Hitler Comedy Breaks German Taboos | Germany| News and in-depth reporting from Berlin and beyond | DW | 09.01.2007
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Hitler Comedy Breaks German Taboos

Is it really all right for Germans to laugh about Hitler and Nazi Germany? Director Dani Levy's "Mein Führer: The Truly Truest Truth About Adolf Hitler" tests the limits.

Helge Schneider, the actor playing Adolf Hitler, is shown in a bathtub performing the Nazi salute with one hand, while holding a battleship in the other

Hitler appears as an absurd and pathetic figure in Levy's film

A new film comedy about Hitler is starting in German cinemas this week. "Mein Führer: The Truly Truest Truth About Adolf Hitler" has unleashed a storm of media interest.

More than 60 years after Charlie Chaplin's "The Great Dictator" appeared in cinemas, this is the first humorous film production about the Nazi leader to be made in Germany. The question everyone is asking is whether it is actually acceptable to laugh about Hitler and the Nazis -- especially if you are German.

In the film, Hitler is a physical wreck who has been psychologically damaged by his authoritarian upbringing and is an impotent, bed-wetting, whimpering drug addict. He plays with a toy battleship in his bath and trains his beloved German shepherd dog Blondi, dressed in a mini SS uniform, to perform the Nazi salute.

An absurd figure

Filmszene MEIN FÜHRER Die wirklich wahrste Wahrheit über Adolf Hitler

The crimes of the Nazis make laughing about Hitler out of bounds for many Germans

"The figure of Adolf Hitler was a pathetic figure and also pitiable and ridiculous," said Levy. "Just like Nazism as a whole. If you think that a whole nation used to shout 'Heil Hitler,' that is cabaret of the most profound kind."

Levy, however, also said he realizes the crimes of the Nazi regime could make laughing at his film's satire difficult for some.

"It would have been funny and people would have been able to laugh about the whole thing over the last few years if the Nazis had not done what they did," he said. "If this endless destruction, the biggest crime against humanity that there has ever been, had not happened."

"Mein Führer" is set in the final weeks of 1944 when Germany was clearly losing the war and shows Hitler on the verge of a nervous breakdown while propaganda minister Joseph Goebbels decides to appoint a linguistic coach to help the dictator prepare to give a morale-boosting speech to the people.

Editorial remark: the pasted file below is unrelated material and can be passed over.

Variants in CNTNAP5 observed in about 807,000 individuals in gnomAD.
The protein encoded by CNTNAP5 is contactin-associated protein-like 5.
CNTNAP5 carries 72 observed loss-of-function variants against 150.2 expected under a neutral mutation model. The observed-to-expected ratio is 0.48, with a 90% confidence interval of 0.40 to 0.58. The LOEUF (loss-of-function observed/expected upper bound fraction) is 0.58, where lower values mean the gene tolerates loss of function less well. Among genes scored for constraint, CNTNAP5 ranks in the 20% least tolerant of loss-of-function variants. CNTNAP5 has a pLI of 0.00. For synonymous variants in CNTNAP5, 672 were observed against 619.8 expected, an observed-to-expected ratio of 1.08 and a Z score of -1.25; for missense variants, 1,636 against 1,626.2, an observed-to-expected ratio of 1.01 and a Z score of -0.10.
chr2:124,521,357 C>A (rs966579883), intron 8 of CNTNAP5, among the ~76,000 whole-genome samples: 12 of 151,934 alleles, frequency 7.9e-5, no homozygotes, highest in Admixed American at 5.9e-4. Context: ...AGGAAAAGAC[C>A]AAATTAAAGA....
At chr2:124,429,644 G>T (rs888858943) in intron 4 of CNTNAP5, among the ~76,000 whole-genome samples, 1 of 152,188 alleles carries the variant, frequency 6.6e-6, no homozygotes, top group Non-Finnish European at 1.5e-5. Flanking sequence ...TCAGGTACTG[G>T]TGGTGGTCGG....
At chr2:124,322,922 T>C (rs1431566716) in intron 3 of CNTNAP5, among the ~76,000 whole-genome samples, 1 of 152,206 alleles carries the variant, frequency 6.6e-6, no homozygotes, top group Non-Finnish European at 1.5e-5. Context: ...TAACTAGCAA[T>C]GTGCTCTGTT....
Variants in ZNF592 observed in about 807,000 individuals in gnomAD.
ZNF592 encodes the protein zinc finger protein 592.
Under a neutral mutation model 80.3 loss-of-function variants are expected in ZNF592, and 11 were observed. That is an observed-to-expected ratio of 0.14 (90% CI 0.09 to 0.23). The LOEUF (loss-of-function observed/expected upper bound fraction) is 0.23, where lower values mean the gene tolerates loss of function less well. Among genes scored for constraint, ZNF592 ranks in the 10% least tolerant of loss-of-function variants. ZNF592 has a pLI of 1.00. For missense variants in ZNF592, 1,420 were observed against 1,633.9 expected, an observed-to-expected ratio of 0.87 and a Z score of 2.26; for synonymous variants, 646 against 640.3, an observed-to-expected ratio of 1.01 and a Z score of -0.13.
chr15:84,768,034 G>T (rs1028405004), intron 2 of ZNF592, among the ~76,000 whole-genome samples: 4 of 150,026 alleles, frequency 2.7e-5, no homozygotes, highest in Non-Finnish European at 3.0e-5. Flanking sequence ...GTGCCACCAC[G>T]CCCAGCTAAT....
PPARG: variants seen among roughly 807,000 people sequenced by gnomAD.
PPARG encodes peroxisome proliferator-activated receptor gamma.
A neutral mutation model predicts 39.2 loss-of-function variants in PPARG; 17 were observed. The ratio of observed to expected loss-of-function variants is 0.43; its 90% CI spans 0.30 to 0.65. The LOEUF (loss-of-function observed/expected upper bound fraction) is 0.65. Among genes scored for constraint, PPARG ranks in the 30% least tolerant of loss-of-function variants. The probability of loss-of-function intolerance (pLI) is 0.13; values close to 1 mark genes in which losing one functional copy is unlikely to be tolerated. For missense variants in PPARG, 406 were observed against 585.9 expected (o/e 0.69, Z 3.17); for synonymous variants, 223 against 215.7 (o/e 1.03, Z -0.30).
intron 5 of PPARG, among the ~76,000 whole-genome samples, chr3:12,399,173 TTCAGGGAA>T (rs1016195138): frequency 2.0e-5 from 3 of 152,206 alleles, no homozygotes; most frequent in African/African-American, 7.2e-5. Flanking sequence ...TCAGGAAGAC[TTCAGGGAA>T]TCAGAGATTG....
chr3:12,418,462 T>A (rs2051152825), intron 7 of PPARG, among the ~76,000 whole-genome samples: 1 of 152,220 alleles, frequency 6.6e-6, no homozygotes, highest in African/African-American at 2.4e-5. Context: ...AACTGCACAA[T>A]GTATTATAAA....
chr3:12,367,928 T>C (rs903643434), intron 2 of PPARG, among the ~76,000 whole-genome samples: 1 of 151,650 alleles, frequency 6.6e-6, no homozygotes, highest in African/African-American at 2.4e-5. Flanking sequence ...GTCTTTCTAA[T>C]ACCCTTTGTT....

A Jewish actor, the fictional Adolf Grünbaum, is released from a concentration camp to do the job and puts Hitler through a series of exercises. Most of the film's humor arises during these training sessions -- for example the slapstick scene when the dictator gets knocked out during a boxing match or ends up crawling around on the floor barking like a dog.

Close to the bone

Head shot of the actor Bruno Ganz playing the role of Hitler. The dictator is drawn and hunched.

The film Downfall also portrayed Hitler in a 'human" manner

But there are also a number of exaggerated, part comic, part demonic performances from the coterie of figures who surround Hitler, such as Goebbels and SS-leader Heinrich Himmler, Hitler's architect Albert Speer and mistress Eva Braun. Some of the comedy goes pretty close to the bone, for example when Goebbels tells Grünbaum that he should not take the Final Solution personally.

In recent years in Germany there has been a controversial move away from a simple deionization of the figure of Hitler. The director of the taboo-busting Oscar-nominated 2004 film "Downfall" created an intentionally human portrayal of Hitler, reaping criticism along the way.

Counting on Germans' sense of humor

Head shot of director Dani Levy.

Levy is entering new territory in Germany with this comedy

Dani Levy, Swiss-born Jewish director, has also said his film aims to remove the figure of Hitler from its pedestal. His film, too, has already received both brickbats and bouquets. But it adopts a very different approach from the serious "Downfall." Levy said he is confident that the comedy will be successful.

"I'm trusting that the Germans have more humor than they are credited with -- otherwise I would be lost as a Jewish filmmaker with a Jewish comedy about Hitler," he said. "I think that, as is frequently the case at this time, that there is a feeling under the surface that there is a need to laugh about things that up to now had been exclusively consigned to seriousness."

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